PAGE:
When Democrats took back the House in 2018, they made good use of their congressional committees, putting pressure on the Trump White House and investigating the long list of the president’s misdeeds. The House Judiciary Committee led a high-profile investigation into Trump’s potential obstruction of justice in the Mueller probe. The Intelligence Committee investigated a CIA whistleblower’s accusations that Trump pressured Ukrainian President Volodymyr Zelenskyy into investigating Joe Biden ahead of the 2020 election. The Oversight Committee investigated Trump’s conversations with Vladimir Putin.
In the Trump era, congressional committee hearings became blockbuster events and Democrats used them to drive the news cycle. Michael Cohen’s testimony before the House Oversight Committee was watched by nearly 16 million people in 2019. Later that year, nearly 13 million people watched Robert Mueller’s testimony before the House Judiciary Committee. And at least 20 million people watched the first hearing of the House Select Committee on January 6.
Now Republicans are trying to use that same strategy to set the narrative—putting the White House through a slog of investigations and promising hearings that might shed light on things that they believe the Biden White House would prefer to keep out of the national conversation. The Republicans have given no boundaries for these pursuits. When new House Oversight Chairman James Comer sent a letter to a New York gallery owner seeking information on Hunter Biden’s art sales, Comer claimed that his committee “has broad authority to investigate ‘any matter’ at ‘any time’.”
Democrats might do well to steer into the GOP’s skid. The high-profile committees that Republicans hope to use to spearhead their investigations are now crowded with the Trumpesque members whom Kevin McCarthy was forced to appease in order to secure his speakership. And those figures—the de facto court jesters of Capitol Hill—are noticeably unpalatable to the wider American public, which should be the targeted demographic of the party that has underperformed in the last three election cycles. Lauren Boebert, who nearly lost her race in a reliably red district, now has a seat on the Oversight Committee. Paul Gosar, who has close ties to Hitler-admirer Nick Fuentes, is also on the Oversight Committee. So are nationally unpopular Marjorie Taylor Greene, and culture warrior freshman Representative Anna Paulina Luna.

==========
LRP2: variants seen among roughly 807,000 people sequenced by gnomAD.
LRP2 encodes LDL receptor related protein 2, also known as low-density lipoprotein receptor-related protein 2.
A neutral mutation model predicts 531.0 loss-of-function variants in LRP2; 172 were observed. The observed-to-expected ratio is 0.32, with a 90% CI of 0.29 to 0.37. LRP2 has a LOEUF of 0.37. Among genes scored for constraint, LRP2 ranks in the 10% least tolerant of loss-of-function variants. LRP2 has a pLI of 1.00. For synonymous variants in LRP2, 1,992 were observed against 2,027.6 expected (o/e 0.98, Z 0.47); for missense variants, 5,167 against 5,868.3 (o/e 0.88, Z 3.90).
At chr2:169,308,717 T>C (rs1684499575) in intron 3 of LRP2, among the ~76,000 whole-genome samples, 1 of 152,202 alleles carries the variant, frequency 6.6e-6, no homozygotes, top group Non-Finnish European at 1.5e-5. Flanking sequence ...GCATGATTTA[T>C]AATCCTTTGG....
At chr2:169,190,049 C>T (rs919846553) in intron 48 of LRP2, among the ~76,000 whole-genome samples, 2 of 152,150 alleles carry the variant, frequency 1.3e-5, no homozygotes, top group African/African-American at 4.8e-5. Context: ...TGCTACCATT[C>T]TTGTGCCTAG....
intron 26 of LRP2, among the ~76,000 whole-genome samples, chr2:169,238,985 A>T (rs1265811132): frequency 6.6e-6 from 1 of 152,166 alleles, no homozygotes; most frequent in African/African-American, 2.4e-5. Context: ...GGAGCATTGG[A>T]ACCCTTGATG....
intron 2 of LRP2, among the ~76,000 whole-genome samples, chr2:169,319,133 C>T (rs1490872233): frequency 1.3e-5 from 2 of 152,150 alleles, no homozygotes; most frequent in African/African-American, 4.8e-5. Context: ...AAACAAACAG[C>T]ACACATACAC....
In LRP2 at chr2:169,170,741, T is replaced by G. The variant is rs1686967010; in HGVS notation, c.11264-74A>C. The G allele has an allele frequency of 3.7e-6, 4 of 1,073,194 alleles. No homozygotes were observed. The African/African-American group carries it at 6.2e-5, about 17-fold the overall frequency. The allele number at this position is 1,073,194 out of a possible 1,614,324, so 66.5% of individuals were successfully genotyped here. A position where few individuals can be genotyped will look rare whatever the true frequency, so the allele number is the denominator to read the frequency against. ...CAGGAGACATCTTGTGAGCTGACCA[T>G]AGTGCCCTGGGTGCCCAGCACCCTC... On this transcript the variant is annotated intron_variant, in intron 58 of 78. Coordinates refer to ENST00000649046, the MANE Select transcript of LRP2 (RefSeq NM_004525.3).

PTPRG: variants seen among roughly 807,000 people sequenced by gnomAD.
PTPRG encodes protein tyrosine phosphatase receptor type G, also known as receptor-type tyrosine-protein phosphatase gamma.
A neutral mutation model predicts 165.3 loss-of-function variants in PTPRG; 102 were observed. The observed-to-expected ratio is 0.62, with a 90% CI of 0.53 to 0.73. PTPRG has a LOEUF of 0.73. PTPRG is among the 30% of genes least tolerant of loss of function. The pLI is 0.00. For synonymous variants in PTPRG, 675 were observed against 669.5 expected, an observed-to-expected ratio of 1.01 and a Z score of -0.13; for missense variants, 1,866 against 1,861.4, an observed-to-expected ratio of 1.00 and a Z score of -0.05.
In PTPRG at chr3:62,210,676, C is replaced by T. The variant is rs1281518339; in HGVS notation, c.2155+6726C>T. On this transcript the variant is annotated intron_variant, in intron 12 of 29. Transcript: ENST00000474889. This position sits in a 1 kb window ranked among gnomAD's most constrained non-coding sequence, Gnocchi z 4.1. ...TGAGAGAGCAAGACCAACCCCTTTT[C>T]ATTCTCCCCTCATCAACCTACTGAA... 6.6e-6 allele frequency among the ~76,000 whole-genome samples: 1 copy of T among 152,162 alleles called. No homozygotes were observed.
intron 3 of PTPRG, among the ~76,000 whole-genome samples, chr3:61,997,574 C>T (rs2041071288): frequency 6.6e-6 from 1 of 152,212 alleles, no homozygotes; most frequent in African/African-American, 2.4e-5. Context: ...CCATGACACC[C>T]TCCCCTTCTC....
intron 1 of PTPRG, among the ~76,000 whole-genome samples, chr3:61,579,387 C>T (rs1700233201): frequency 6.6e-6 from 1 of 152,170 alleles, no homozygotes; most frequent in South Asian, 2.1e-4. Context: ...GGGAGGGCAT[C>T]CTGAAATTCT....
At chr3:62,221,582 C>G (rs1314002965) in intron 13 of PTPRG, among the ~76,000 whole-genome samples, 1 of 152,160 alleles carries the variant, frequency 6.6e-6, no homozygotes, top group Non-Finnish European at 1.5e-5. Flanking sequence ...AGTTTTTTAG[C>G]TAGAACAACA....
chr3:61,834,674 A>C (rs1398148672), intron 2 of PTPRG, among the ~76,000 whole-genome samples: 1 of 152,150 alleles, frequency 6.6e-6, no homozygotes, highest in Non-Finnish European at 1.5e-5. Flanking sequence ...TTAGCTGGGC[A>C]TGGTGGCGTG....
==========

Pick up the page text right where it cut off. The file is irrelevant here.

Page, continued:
Already, the Biden White House has begun to paint the Oversight Committee as illegitimate because of its new ideological makeup. When asked if the White House will cooperate with the Oversight Committee, press secretary Karine Jean-Pierre responded with an obviously prepared offensive spin, saying, “House Republicans have handed over the keys to the most extreme MAGA members of the Republican caucus.… these are members who have promoted violent rhetoric and dangerous conspiracy theories, including suggesting violence against political opponents, trafficking in antisemitic lies, and defending and downplaying a violent insurrection against our democracy.”
That offensive strategy—one which pits their own levelheadedness against the fever dreams of the far right—has proven successful for Democrats. Their performance in the 2022 midterms has to be at least partially attributed to their constant messaging about the dangers of “MAGA Republicans.” And while those MAGA Republicans were widely rejected at the ballot box in 2022, they are now some of the most visible figures in the Republican majority.
Comer has said that under his gavel, the Oversight Committee will be “the most exciting committee” in Congress and he has promised hearings into Twitter’s handling of the Hunter Biden story and DirecTV’s decision to remove Newsmax from their package. These might be red-meat issues on the stage at a Turning Point USA conference, but it’s difficult to imagine them resonating nationally. Comer’s promised investigations certainly don’t have the relevance or national interest of previous Oversight Committee investigations such as whether Donald Trump played a participatory role in Russia’s efforts to swing the 2016 election in his favor.
Unlike then–Minority Leader Kevin McCarthy’s botched decision not to participate in the high-profile January 6 Committee, Minority Leader Hakeem Jeffries responded to the likelihood of “exciting” committees by lining his side of the bench with his party’s fresh stars. On Oversight, those names include 26-year-old freshman Representative Max Frost (Congress’s first Gen Z member), Representative Dan Goldman (who became a household figure as lead counsel in the first impeachment of Donald Trump), and the online-and-charismatic Representative Robert Garcia, who recently told Vox, “I’m fired up to take folks like Marjorie Taylor Greene on, take on her bullshit, take on her lies.”